original author: Melissa Jorgenson, former student
revised by: Cindy S. Spillers, current web master
In general, treating stuttering behaviors involves changing the time and tension domains of talking. For time, the person slows down her/his rate of speaking to give the articulators time to move from one place to the next. For tension the person learns easier, smoother ways to move the articulators. The methods for changing time and tension vary with the client's age, awareness level, individual needs, and treatment program.
Following is a discussion of some of the speech therapy approaches to treating stuttering. This discussion is divided into treating early stuttering in young children, treating stuttering in older children, and treating advanced stuttering in adolescents and adults. Three important ideas need to be kept in mind: 1) therapy is not appropriate for every person who stutters; 2) no one therapy approach works for every person who stutters; 3) no treatment approach offers a quick fix; treating stuttering takes time.
Treating Early Stuttering in Young Children
Not all young children who have dysfluencies in their speech stutter. Children normally repeat words and phrases as they learn how to use a very complicated language. Stuttering often shows warning signs, of which parents should be aware. (See Onset and Development for information on the warning signs of stuttering.) Once parents notice signs of early stuttering or once they have concerns about their child, the child should be evaluated by a certified speech-language pathologist. Therapy for stuttering usually begins following this assessment and a diagnosis of a fluency disorder. As with any disorder or illness, early intervention holds the most promise for successful management of the problem.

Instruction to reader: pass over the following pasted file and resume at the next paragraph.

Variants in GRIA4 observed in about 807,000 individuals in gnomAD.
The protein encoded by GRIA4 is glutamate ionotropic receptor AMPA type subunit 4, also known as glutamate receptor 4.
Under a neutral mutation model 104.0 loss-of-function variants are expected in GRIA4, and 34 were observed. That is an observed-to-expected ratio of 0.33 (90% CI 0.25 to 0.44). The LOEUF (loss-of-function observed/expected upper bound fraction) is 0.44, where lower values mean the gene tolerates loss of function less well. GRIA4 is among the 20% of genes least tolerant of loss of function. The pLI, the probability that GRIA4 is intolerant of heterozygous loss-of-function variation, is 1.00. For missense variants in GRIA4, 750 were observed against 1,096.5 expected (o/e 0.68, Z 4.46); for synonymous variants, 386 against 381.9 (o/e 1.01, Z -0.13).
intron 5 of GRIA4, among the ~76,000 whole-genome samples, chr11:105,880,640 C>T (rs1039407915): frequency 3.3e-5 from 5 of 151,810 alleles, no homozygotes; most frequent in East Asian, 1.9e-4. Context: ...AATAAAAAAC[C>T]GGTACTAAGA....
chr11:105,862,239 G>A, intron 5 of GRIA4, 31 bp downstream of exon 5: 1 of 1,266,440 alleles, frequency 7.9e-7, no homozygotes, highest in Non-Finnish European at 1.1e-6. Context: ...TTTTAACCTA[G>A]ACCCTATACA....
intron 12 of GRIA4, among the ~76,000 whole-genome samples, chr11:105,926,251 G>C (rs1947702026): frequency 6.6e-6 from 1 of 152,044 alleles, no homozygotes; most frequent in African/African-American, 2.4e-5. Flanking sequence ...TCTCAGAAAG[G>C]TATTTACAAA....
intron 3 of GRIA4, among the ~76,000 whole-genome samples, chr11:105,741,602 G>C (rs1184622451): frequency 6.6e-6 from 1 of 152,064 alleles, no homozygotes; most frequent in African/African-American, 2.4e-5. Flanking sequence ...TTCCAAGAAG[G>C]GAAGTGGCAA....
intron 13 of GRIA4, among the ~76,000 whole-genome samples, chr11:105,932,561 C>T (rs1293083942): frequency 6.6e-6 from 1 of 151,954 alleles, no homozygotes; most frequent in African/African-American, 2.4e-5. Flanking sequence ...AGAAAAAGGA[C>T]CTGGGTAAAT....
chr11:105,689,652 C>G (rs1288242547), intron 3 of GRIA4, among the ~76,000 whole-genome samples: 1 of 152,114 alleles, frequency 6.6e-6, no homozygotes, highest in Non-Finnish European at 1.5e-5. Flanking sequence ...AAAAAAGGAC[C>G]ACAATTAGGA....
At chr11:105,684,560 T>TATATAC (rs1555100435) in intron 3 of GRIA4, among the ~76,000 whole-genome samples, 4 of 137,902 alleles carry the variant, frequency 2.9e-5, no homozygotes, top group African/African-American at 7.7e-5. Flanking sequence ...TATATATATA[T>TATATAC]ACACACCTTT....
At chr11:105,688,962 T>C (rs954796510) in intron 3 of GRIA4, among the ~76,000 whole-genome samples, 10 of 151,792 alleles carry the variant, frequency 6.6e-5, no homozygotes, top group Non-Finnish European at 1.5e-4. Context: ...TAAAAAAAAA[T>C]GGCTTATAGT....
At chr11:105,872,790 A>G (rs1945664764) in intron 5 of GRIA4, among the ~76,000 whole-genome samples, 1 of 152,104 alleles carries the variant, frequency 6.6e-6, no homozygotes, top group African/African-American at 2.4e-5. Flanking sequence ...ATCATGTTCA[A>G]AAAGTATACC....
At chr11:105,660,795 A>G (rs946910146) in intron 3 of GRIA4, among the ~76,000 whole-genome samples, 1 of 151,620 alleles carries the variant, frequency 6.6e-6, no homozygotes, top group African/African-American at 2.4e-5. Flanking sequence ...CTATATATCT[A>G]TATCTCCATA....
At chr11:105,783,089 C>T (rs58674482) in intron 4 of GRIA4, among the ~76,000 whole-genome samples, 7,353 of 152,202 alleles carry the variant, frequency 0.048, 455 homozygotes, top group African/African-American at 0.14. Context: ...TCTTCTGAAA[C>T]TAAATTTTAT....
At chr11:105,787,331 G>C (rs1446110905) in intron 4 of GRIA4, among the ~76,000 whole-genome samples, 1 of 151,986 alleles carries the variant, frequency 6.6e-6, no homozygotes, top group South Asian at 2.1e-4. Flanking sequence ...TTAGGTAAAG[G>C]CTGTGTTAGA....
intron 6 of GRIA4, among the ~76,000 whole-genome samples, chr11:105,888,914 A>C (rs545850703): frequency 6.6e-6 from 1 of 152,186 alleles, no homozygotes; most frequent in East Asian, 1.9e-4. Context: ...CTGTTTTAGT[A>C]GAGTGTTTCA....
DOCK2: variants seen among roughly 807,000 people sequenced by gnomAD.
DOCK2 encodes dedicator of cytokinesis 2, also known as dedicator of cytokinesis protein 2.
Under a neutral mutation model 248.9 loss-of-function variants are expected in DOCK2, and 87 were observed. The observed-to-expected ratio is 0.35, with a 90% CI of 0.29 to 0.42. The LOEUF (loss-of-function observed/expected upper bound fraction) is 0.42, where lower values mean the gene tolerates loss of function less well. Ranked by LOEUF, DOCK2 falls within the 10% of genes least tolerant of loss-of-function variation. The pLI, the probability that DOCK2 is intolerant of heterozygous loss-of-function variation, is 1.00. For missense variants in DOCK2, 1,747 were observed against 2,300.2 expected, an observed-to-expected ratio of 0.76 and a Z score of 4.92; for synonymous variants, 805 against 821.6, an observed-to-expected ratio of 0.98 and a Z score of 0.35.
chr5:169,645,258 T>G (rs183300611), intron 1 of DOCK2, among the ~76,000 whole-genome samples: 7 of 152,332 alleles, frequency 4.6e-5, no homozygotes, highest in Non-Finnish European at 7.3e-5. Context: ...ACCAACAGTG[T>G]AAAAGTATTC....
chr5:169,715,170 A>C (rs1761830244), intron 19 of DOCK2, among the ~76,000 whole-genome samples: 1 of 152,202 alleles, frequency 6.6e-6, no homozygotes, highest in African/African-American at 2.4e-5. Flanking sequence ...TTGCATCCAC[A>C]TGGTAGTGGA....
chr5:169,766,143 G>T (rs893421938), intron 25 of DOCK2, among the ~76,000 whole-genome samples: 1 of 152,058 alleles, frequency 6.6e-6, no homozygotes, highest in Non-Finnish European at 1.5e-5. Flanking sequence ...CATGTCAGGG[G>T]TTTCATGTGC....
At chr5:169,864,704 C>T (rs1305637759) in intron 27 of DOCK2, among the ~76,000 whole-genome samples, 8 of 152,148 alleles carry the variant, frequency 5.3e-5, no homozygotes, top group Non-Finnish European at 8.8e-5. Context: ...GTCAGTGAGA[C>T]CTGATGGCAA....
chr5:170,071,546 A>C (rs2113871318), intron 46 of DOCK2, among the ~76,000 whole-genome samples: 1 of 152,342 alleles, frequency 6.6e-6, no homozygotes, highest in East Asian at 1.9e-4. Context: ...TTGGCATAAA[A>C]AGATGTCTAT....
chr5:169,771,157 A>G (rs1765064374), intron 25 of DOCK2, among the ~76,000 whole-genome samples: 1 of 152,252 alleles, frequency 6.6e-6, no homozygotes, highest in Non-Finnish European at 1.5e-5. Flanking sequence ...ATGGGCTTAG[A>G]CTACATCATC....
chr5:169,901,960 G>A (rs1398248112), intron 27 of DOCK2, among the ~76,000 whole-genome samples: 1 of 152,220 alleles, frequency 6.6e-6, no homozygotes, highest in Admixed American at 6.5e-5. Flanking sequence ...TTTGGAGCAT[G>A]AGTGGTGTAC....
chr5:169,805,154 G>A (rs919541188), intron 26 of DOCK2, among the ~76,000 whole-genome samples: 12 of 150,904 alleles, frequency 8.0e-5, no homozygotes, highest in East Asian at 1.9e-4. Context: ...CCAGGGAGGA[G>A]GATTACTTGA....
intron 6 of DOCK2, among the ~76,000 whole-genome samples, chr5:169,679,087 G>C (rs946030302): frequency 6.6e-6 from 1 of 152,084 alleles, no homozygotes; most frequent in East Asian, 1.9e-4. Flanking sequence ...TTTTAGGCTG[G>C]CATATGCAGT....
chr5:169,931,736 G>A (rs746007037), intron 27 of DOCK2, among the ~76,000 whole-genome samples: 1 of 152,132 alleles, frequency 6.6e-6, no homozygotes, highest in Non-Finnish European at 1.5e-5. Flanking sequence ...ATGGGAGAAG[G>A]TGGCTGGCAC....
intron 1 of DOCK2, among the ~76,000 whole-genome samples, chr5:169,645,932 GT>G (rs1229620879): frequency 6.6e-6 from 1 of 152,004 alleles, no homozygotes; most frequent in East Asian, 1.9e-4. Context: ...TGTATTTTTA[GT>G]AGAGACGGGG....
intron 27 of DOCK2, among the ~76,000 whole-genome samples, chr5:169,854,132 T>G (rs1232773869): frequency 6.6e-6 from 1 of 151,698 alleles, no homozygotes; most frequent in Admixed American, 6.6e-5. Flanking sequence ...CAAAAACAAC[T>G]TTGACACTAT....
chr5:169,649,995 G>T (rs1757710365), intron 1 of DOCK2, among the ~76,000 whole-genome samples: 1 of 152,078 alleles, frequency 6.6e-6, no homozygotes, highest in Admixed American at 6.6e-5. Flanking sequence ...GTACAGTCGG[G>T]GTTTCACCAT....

One of the goals of treating stuttering in preschool aged children
is to reduce the demands for fluent speech and give the child's
capacities a chance to catch up. This therapy is best carried
out through modeling and demonstration by family members and is
often called "indirect intervention." Children are more
likely to slow down and smooth out their own speech when those
around them speak slowly and smoothly. Simply telling young children
to slow down usually does not help for two reasons: First it sends
the stuttering children the message that something is wrong with
the way they talk and that their talking is not acceptable. Secondly,
unless the environment changes pace to accommodate a slower talking
child, the child will be penalized for following the advice to
slow down. The other fast talkers will make it impossible for
the slower talking child to survive in the conversation.
In addition to teaching and encouraging family members to use a slower and smoother rate of speech with the child, the speech-language pathologist (SLP) may make some suggestions similar to those found in the Do's and Don'ts section of this site. It is important to remember that the behaviors and circumstances which SLPs suggest families change don't cause stuttering. We don't know what causes stuttering yet; we do know that some behaviors and circumstances will make stuttering worse once it begins, and these are the things that SLPs recommend families try to change.
One area of controversy in the treatment of early stuttering in pre-school aged children involves the dilemma of whether to call the child's attention to the stuttering. Many clinicians believe that young children rarely are aware or concerned about the stuttering behavior and calling attention to it is unnecessary and may make the stuttering worse. Other clinicians believe that children usually are aware that they have difficulty talking, although they may not show any concern about their difficulty. By not talking about the stuttering, family members and SLPs may unwittingly participate in a conspiracy of silence that can permeate the child's life with stuttering later on. Parents need to decide if they should talk to their children about stuttering, and if so, how to bring up the subject. In general, open communication about stuttering helps to relieve children of some of their unexpressed anxiety and reassures them that mom and dad are aware of their struggles and are willing to help. As Mr. Rogers says, "if it's mentionable, it's manageable."